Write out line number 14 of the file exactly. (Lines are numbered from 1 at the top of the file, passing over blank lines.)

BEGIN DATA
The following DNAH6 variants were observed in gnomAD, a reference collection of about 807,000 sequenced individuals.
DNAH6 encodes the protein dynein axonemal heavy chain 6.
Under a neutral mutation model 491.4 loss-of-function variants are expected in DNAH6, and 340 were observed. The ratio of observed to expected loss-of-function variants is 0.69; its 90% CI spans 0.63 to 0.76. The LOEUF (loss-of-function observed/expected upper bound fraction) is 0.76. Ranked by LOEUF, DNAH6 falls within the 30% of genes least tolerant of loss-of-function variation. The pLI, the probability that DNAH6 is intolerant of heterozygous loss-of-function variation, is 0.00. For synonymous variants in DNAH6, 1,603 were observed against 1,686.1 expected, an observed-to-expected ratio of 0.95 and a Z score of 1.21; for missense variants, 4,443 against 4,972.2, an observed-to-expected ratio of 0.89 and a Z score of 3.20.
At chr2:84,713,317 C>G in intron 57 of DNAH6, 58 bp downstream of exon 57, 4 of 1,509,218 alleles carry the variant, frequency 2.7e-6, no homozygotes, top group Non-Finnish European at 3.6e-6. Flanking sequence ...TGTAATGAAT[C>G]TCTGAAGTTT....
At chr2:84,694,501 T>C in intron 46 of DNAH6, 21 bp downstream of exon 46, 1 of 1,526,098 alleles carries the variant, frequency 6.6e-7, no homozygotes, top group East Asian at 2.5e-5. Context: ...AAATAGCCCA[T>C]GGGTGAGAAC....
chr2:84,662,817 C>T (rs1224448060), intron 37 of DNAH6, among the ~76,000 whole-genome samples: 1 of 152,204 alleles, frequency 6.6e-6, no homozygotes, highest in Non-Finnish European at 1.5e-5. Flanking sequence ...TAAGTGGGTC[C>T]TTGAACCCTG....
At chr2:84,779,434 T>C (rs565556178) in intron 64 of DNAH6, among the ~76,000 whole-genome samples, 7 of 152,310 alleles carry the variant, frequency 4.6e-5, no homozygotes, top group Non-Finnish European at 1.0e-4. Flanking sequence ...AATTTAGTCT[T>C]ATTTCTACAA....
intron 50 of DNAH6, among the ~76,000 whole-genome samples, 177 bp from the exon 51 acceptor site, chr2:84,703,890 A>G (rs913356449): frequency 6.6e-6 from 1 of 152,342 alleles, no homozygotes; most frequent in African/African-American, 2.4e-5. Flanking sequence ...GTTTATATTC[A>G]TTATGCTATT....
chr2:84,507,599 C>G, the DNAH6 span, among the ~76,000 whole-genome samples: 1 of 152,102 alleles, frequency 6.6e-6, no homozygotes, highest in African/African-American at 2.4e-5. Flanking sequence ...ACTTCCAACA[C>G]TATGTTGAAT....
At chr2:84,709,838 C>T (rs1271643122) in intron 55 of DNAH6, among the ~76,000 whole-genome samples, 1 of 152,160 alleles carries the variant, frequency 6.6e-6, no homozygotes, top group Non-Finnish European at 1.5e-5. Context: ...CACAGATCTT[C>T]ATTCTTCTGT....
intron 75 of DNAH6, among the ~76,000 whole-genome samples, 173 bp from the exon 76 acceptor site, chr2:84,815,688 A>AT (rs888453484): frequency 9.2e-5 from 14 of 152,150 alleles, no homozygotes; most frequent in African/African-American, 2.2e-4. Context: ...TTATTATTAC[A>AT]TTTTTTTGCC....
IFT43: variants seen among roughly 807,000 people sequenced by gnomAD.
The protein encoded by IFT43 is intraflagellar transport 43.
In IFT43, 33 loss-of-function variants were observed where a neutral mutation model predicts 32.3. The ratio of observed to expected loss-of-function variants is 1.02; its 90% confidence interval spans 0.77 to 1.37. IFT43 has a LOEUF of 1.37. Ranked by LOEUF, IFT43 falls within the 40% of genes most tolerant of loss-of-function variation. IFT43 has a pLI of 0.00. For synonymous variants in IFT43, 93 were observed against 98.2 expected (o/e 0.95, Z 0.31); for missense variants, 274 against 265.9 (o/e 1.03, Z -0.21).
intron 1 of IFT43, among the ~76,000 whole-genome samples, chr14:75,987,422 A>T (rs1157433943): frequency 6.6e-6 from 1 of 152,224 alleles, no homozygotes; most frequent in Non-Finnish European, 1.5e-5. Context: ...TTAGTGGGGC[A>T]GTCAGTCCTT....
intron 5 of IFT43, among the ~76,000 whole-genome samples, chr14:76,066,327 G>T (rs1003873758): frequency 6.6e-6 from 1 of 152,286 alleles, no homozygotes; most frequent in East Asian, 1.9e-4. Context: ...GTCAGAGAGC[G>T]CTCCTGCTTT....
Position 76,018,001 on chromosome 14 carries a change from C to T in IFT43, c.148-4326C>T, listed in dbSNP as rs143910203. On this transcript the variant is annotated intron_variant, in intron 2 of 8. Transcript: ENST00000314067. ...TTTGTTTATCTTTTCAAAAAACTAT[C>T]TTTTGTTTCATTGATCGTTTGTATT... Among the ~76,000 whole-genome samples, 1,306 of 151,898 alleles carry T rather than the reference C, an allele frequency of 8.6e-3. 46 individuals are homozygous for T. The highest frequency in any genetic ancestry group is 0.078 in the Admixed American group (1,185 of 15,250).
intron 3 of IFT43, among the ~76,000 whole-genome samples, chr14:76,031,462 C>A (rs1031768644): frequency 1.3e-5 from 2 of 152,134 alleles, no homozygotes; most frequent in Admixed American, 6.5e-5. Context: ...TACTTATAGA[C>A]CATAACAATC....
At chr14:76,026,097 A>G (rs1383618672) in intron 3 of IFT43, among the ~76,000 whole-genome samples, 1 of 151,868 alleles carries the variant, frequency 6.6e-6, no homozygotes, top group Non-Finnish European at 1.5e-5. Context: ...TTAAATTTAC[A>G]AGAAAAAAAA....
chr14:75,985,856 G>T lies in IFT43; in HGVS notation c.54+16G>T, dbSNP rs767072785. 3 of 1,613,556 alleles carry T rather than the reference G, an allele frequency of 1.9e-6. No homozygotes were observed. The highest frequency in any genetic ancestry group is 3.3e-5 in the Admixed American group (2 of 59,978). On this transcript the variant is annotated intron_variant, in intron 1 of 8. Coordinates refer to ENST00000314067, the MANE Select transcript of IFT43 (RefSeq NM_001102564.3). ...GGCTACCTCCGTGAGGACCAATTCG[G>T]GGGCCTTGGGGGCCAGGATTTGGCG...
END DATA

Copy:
In IFT43, 33 loss-of-function variants were observed where a neutral mutation model predicts 32.3. The ratio of observed to expected loss-of-function variants is 1.02; its 90% confidence interval spans 0.77 to 1.37. IFT43 has a LOEUF of 1.37. Ranked by LOEUF, IFT43 falls within the 40% of genes most tolerant of loss-of-function variation. IFT43 has a pLI of 0.00. For synonymous variants in IFT43, 93 were observed against 98.2 expected (o/e 0.95, Z 0.31); for missense variants, 274 against 265.9 (o/e 1.03, Z -0.21).